WASHINGTON — The chairman of the U.S. bishops’ Committee on International Justice and Peace urged U.S. leaders to take fast action on a United Nations treaty that will regulate arms sales across international borders.
Bishop Richard E. Pates of Des Moines, Iowa, called upon Secretary of State John Kerry to “expedite a thorough review of the treaty” so that the U.S. Senate can adopt it and President Barack Obama can sign it in early June.
Noting that the Catholic Church has supported arms control as a means to limiting violence in the world, Bishop Pates told Kerry in an April 11 letter that the U.S. can set an example for the world by adopting the treaty quickly.
“As a world leader and major arms exporter, our nation should set a positive example for other nations to follow in efforts to reduce the flow of weapons into situations that violate human rights and cause terrible suffering,” Bishop Pates said.
The U.N. General Assembly adopted the treaty April 2 with 154 nations in favor of it and three against it with 23 countries abstaining. Only Iran, North Korea and Syria voted against the pact.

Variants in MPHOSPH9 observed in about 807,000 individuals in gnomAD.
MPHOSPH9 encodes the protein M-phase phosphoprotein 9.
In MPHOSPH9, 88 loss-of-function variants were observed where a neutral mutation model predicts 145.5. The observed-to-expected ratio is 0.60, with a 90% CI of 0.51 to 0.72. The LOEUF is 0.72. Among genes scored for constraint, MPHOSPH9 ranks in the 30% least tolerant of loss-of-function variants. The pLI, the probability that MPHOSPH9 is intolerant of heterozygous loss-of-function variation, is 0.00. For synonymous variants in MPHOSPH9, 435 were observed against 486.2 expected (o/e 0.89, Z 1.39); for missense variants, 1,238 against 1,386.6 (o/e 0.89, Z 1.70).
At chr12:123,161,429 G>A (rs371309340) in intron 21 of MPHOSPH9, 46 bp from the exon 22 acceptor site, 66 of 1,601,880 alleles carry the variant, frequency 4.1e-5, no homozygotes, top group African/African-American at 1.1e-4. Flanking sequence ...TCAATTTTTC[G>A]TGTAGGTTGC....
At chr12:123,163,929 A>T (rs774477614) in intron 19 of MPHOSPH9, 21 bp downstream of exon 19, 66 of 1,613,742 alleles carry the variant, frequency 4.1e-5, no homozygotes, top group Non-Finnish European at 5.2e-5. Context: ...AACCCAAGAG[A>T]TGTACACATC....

“The treaty is not perfect, but it is an important step,” Bishop Pates wrote.
Citing comments by Archbishop Francis Chullikatt, permanent observer of the Holy See to the United Nations, Bishop Pates said church officials viewed the treaty’s adoption as “constituting a step toward establishing in the world a culture of responsibility and accountability.”
The bishop also cited church teaching on the sale of arms as found in the Catechism of the Catholic Church in saying that “public authorities have the right and duty to regulate them.”
The United States, as the world’s largest arms dealer, pushed for the treaty’s passage and despite pressure from pro-gun ownership groups to scuttle it. The groups maintained that the treaty could be invoked to control arms sales within the U.S. However, Kerry said the treaty covered only international deals.
The legal arms trade accounts for about $70 billion in sales annually. The treaty covers attack helicopters, tanks and other larger arms as well as small arms and ammunition for such weapons.
Under the agreement, nations are required to determine whether an arms shipment to another country would be used to commit atrocities or violate human rights or if they could be diverted for such purposes and report back to the U.N. on their efforts.
The full text of Bishop Pates letter is online at www.usccb.org/issues-and-action/human-life-and-dignity/war-and-peace/arms-trade/upload/04-11-2013-letter-to-john-kerry-arms-trade-treaty.pdf.